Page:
It can be difficult to look at the money in your 401(k) account and realise that you can’t touch it for many years to come. Whether you want to buy a new toy, or you’ve hit some financial strife having money that’s yours but not yours is a frustrating feeling. As much as it seems like a great idea to pull some of the money out early, there are reasons why you should leave it alone as long as possible.

Early Withdrawal Penalties

If you attempt to withdraw from your 401(k) prior to age 59 and six months, you’re subject to federal taxes and in many cases a 10% penalty. If you’re under 60 and withdraw $100,000 from your 401(k) account, you will only get to keep $75,000 of that if you are in the 15% federal tax bracket. In one transaction you’ve lost 25% of your money.

Cheating Yourself Out of a Cushier Retirement

If you pull money out of your 401(k) early, you might be cheating yourself out of a cushy retirement. $100,000 left alone for 10 years with a 7% return will be worth over $200,000. Once you reach an age where you can withdraw this without penalties the required minimum distribution for $200,000 is $8,000 a year, though you can take more.

While you might be the type of person to withdraw from your 401(k) and invest it elsewhere, studies of human psychology show us that once people have money in their hands they spend it. The best choice is to leave your retirement accounts alone for as long as possible and allow compound interest to work on them to ensure you have a comfortable nest egg when you retire.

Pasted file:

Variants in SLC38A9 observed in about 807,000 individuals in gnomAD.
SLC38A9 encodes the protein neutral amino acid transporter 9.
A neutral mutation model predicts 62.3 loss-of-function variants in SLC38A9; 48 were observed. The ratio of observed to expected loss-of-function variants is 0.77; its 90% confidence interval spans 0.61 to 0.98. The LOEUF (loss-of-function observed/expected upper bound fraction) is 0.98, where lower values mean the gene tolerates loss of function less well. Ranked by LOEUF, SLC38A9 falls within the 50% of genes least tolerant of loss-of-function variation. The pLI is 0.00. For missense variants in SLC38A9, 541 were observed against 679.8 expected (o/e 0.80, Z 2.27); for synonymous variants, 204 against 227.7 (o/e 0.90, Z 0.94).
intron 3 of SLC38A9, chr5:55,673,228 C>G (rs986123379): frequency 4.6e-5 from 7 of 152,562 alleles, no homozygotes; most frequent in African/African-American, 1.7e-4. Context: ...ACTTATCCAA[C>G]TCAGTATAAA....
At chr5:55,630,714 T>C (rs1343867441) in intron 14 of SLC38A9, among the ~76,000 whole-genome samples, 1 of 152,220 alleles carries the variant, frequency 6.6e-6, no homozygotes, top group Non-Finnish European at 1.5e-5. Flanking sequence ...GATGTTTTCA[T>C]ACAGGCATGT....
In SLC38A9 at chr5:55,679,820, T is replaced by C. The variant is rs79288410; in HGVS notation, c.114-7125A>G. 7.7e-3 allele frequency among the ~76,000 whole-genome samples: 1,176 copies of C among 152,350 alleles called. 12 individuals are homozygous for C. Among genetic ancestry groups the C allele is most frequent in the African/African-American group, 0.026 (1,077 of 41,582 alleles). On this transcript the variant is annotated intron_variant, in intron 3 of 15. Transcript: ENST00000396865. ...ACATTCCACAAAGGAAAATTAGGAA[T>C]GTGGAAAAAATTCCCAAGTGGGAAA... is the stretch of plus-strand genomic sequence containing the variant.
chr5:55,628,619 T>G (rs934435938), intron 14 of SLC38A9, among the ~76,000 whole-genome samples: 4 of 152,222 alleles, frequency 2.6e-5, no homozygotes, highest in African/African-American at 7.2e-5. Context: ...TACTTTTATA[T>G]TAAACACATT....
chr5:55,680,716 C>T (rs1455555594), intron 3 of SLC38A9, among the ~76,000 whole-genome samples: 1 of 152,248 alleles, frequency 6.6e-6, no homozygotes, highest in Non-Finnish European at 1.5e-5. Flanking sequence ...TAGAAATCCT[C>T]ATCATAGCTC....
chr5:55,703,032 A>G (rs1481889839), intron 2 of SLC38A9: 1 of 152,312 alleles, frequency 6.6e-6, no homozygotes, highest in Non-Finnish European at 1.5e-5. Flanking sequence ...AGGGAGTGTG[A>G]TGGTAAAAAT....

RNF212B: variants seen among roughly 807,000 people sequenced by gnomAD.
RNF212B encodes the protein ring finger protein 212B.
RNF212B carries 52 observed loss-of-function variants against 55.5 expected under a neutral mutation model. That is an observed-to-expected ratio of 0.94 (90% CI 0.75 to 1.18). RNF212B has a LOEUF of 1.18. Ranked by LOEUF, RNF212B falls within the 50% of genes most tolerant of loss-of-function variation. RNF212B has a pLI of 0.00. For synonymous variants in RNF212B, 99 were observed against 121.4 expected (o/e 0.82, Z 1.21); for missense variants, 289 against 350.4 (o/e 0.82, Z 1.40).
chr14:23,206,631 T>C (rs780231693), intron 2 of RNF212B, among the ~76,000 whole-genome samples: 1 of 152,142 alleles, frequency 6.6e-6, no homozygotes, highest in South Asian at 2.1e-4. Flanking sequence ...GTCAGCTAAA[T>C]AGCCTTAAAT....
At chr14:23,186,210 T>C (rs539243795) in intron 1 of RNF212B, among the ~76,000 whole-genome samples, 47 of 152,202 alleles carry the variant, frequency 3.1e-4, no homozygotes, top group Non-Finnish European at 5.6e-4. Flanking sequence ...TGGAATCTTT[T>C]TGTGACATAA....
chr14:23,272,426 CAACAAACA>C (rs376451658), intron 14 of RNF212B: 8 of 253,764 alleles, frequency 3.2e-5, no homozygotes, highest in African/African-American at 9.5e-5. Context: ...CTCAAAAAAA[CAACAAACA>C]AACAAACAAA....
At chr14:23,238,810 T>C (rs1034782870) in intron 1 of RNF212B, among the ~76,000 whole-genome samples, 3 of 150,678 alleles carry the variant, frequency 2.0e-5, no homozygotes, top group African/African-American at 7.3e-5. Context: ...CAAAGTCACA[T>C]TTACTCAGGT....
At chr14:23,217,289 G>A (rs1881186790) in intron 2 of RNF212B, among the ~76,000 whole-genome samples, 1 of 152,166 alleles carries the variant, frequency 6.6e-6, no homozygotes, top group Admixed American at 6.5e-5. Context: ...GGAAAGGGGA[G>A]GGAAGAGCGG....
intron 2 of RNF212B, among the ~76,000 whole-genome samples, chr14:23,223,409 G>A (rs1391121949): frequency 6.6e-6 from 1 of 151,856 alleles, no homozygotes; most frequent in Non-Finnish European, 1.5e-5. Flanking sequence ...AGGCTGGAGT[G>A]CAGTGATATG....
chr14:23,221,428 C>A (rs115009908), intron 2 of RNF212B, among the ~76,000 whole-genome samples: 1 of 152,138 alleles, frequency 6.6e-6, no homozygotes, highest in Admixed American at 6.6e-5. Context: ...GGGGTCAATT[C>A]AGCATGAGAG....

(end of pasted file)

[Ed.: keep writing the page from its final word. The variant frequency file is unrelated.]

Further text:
Rolling Over to Other Accounts

Many people withdraw from their 401(k)s because they change employers, or want to access the money at a younger age.

If you switch employers you can roll your current 401(k) balance over to your new employers plan with a few forms. As long as this is done within 60days of changing employers, you won’t pay any fees.

Another option is to roll your 401(k) account over to an Individual Retirement Account (IRA). An IRA account is not tied to an employer and stays with you regardless of who you work for, but check the fees and charges before making the switch. A 401(k) might still be the better choice for you.

If you really desperately want to pull money out of an IRA or 401(k) early there are ways you can do it without paying a penalty, but it requires a lot of pre-planning. Any amount converted from a traditional IRA to a Roth IRA can be withdrawn penalty and tax free five years later. It won’t help you today to buy a new car, or fund a down payment for a house, but might make all the difference in your long term plans.